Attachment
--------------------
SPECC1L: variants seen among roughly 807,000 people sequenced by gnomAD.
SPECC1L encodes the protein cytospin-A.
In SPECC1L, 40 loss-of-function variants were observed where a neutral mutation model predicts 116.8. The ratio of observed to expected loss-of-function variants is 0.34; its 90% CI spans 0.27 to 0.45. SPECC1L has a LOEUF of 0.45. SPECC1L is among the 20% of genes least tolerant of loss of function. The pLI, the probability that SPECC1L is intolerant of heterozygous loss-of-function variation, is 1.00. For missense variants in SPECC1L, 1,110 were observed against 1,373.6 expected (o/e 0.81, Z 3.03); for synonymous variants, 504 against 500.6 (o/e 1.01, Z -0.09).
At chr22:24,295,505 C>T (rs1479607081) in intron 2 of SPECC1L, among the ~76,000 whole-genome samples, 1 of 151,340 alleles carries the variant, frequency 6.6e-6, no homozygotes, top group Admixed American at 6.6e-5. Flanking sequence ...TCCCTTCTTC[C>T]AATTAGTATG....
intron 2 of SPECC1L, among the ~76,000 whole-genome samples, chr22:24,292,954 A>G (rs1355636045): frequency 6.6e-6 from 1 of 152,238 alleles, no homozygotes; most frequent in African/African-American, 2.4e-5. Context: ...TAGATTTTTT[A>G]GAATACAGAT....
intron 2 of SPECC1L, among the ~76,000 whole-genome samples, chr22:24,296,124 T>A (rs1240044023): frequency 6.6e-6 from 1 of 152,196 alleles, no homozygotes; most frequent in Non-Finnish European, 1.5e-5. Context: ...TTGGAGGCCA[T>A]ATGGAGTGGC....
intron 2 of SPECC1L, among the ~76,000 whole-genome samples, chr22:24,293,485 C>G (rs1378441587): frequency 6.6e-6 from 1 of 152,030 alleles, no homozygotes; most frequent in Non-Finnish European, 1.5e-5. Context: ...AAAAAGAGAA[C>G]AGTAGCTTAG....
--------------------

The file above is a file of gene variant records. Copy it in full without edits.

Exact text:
SPECC1L: variants seen among roughly 807,000 people sequenced by gnomAD.
SPECC1L encodes the protein cytospin-A.
In SPECC1L, 40 loss-of-function variants were observed where a neutral mutation model predicts 116.8. The ratio of observed to expected loss-of-function variants is 0.34; its 90% CI spans 0.27 to 0.45. SPECC1L has a LOEUF of 0.45. SPECC1L is among the 20% of genes least tolerant of loss of function. The pLI, the probability that SPECC1L is intolerant of heterozygous loss-of-function variation, is 1.00. For missense variants in SPECC1L, 1,110 were observed against 1,373.6 expected (o/e 0.81, Z 3.03); for synonymous variants, 504 against 500.6 (o/e 1.01, Z -0.09).
At chr22:24,295,505 C>T (rs1479607081) in intron 2 of SPECC1L, among the ~76,000 whole-genome samples, 1 of 151,340 alleles carries the variant, frequency 6.6e-6, no homozygotes, top group Admixed American at 6.6e-5. Flanking sequence ...TCCCTTCTTC[C>T]AATTAGTATG....
intron 2 of SPECC1L, among the ~76,000 whole-genome samples, chr22:24,292,954 A>G (rs1355636045): frequency 6.6e-6 from 1 of 152,238 alleles, no homozygotes; most frequent in African/African-American, 2.4e-5. Context: ...TAGATTTTTT[A>G]GAATACAGAT....
intron 2 of SPECC1L, among the ~76,000 whole-genome samples, chr22:24,296,124 T>A (rs1240044023): frequency 6.6e-6 from 1 of 152,196 alleles, no homozygotes; most frequent in Non-Finnish European, 1.5e-5. Context: ...TTGGAGGCCA[T>A]ATGGAGTGGC....
intron 2 of SPECC1L, among the ~76,000 whole-genome samples, chr22:24,293,485 C>G (rs1378441587): frequency 6.6e-6 from 1 of 152,030 alleles, no homozygotes; most frequent in Non-Finnish European, 1.5e-5. Context: ...AAAAAGAGAA[C>G]AGTAGCTTAG....